Last October, I had the honor of representing the LA84 Foundation at the Vatican’s First Global Conference on Faith and Sport at the Service of Humanity. “It is timely and necessary for Faith and Sport to remind and re-awaken people,” the primer for the Vatican conference said, “to the massive power for good that these two pillars of human life can provide.”

I was educated in the Jesuit tradition at LMU, and I’ve been following the papacy of Pope Francis — a member of the Jesuit order — with particular interest. The Jesuits’ selfless belief is a focus on those unserved and underserved and to be, “men and women for others.”

It is no surprise, then, that the Vatican conference’s aim in part to provide a global perspective of sport in the service of humanity. Those of us at the conference shared examples with one another of how sport has manifested transformative change at the individual and community levels; how we all have an obligation to do our part to elevate playing fields and address inequity; and how sometimes, the actions of just one or two individuals can be enough to catalyze lasting change; individuals such as Olympians Tommie Smith and John Carlos.

For those of you who don’t remember, back in 1968, during a zenith of American turmoil, when civil rights movements, anti-war movements and a psychedelic frenzy of cultural changes fused like many raging storms into one, Smith and Carlos won Olympic gold and bronze medals, respectively, in the 200-meters sprint at the Mexico City Games. During the playing of the National Anthem honoring their success, the sprinters wearing black socks and an Olympic Project for Human Rights badge famously each raised a fist to the sky, the Black Power Salute to show solidarity with people fighting internationally for human rights. For that action, Smith and Carlos were kicked out of the Games and given 48 hours to depart Mexico. Their action was labeled “immature behavior” by then-members of the United States Olympic Committee.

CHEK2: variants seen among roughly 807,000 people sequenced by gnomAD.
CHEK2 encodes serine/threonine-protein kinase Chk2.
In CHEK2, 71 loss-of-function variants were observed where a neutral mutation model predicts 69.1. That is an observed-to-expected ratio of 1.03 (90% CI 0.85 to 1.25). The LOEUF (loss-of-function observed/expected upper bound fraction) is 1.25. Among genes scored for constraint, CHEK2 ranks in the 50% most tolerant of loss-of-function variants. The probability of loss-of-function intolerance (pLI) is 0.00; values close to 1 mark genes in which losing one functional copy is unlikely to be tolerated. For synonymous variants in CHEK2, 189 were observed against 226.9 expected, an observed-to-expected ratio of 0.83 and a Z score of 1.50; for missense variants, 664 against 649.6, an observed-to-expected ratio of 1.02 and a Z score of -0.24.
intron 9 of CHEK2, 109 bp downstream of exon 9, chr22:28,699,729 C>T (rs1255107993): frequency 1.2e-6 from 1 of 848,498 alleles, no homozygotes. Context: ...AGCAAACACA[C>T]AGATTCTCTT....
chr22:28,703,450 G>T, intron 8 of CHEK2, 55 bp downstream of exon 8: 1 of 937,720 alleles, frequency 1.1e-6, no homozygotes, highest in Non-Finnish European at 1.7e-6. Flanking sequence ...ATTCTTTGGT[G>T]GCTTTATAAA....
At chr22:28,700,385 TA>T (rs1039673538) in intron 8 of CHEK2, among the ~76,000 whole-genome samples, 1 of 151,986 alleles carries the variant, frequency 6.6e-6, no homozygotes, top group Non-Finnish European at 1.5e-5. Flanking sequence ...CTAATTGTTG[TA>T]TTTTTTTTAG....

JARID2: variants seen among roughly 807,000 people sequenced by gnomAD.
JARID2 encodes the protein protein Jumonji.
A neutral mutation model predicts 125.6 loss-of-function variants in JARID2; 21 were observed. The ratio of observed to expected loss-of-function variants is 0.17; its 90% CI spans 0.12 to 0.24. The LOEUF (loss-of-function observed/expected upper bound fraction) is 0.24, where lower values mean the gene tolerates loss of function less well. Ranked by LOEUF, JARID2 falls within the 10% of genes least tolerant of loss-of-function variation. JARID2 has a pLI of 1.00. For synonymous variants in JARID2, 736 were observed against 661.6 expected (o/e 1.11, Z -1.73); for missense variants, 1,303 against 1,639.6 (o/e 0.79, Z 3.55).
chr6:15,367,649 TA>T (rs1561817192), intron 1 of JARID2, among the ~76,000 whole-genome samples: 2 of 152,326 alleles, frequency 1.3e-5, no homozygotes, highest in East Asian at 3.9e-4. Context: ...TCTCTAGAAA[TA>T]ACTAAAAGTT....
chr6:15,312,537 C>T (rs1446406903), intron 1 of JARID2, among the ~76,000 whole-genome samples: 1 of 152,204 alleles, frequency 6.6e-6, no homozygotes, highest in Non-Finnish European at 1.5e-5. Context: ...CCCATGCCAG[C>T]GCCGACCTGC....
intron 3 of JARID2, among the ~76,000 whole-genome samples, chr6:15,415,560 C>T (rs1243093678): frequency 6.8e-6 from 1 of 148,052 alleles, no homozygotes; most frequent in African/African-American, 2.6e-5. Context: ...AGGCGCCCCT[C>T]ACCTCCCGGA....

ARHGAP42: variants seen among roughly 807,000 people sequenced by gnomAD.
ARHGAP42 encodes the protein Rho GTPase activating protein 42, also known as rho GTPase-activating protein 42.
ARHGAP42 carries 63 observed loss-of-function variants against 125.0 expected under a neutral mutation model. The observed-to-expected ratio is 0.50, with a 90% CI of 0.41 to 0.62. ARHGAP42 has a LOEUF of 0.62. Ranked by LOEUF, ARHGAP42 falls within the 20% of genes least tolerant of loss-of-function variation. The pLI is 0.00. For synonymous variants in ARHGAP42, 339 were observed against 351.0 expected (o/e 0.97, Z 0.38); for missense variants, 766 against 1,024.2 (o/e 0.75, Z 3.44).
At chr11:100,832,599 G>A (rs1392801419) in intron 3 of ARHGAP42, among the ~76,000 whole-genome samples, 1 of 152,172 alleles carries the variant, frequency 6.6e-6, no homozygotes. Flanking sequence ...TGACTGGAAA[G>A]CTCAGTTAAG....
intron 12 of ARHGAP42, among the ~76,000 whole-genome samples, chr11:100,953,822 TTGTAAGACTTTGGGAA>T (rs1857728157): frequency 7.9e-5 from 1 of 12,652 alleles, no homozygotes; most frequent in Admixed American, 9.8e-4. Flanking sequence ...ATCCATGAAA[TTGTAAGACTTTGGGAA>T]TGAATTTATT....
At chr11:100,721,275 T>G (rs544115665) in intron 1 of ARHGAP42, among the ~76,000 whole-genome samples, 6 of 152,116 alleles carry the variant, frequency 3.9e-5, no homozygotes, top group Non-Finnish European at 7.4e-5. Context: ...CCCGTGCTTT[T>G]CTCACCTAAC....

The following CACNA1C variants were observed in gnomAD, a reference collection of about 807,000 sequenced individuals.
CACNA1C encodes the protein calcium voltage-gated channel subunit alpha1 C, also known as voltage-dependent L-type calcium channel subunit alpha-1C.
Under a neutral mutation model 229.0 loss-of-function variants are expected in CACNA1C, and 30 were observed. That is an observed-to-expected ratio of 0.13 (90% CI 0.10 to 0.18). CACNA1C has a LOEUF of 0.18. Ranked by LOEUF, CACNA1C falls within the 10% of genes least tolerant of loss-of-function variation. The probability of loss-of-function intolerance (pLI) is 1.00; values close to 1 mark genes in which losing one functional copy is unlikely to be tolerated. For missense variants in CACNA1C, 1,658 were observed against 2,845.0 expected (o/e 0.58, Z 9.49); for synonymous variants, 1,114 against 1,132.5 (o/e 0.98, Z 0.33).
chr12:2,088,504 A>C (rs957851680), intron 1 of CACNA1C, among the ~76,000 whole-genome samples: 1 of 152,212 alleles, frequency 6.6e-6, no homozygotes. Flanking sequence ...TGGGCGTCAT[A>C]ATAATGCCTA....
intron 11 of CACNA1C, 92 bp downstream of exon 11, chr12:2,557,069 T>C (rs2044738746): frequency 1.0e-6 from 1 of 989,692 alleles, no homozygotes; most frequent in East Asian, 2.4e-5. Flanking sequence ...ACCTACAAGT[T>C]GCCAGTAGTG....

But the race is not always to the swift but to those who keep running. “Their powerful silent protest in the 1968 Games was controversial,” said former President Barack Obama, who for the first time along with the USOC welcomed them both back to the White House with their 2016 Olympic family. “But it woke folks up and created greater opportunity for those that followed”, the President went on to say.

One of my cherished possessions is an autographed photo of that now-famous pose. It hangs on my office wall as a reminder to me that we each have an obligation to stand up and speak truth to power and to be men and women for others; however tough or inconvenient that might be. We are again at a critical moment in our history. So, as I reflect back on April 29, 1992; what caused it, what we’ve accomplished and the work still to be done, I am also using this time to renew my spiritual tank and my commitment to the cause I care most deeply about, our future generations. I am also heeding Pope Francis’ call to “challenge yourself in the game of life as you do in the game of sport.” I will continue to make a difference where I am and where I can. I hope you will all join me in doing so where you are and where you can. Let us all be guided by the African proverb, ‘Where you sit when you are old is where you stood in youth.’